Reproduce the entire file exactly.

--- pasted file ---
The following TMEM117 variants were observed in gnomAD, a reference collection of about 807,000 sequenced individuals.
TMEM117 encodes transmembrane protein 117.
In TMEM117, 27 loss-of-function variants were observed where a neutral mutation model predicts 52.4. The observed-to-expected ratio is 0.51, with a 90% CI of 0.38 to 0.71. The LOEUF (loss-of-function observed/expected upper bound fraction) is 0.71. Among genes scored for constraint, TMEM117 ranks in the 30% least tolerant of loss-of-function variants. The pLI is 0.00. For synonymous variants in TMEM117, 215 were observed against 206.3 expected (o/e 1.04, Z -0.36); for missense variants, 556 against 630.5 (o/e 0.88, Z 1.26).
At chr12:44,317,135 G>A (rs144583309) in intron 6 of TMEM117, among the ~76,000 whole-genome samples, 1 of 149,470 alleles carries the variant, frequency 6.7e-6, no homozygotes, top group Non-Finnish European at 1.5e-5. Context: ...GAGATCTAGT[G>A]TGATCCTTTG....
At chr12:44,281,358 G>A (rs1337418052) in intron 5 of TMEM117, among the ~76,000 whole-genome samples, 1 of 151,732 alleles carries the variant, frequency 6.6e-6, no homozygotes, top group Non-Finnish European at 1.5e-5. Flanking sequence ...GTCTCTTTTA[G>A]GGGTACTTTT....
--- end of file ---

The following TMEM117 variants were observed in gnomAD, a reference collection of about 807,000 sequenced individuals.
TMEM117 encodes transmembrane protein 117.
In TMEM117, 27 loss-of-function variants were observed where a neutral mutation model predicts 52.4. The observed-to-expected ratio is 0.51, with a 90% CI of 0.38 to 0.71. The LOEUF (loss-of-function observed/expected upper bound fraction) is 0.71. Among genes scored for constraint, TMEM117 ranks in the 30% least tolerant of loss-of-function variants. The pLI is 0.00. For synonymous variants in TMEM117, 215 were observed against 206.3 expected (o/e 1.04, Z -0.36); for missense variants, 556 against 630.5 (o/e 0.88, Z 1.26).
At chr12:44,317,135 G>A (rs144583309) in intron 6 of TMEM117, among the ~76,000 whole-genome samples, 1 of 149,470 alleles carries the variant, frequency 6.7e-6, no homozygotes, top group Non-Finnish European at 1.5e-5. Context: ...GAGATCTAGT[G>A]TGATCCTTTG....
At chr12:44,281,358 G>A (rs1337418052) in intron 5 of TMEM117, among the ~76,000 whole-genome samples, 1 of 151,732 alleles carries the variant, frequency 6.6e-6, no homozygotes, top group Non-Finnish European at 1.5e-5. Flanking sequence ...GTCTCTTTTA[G>A]GGGTACTTTT....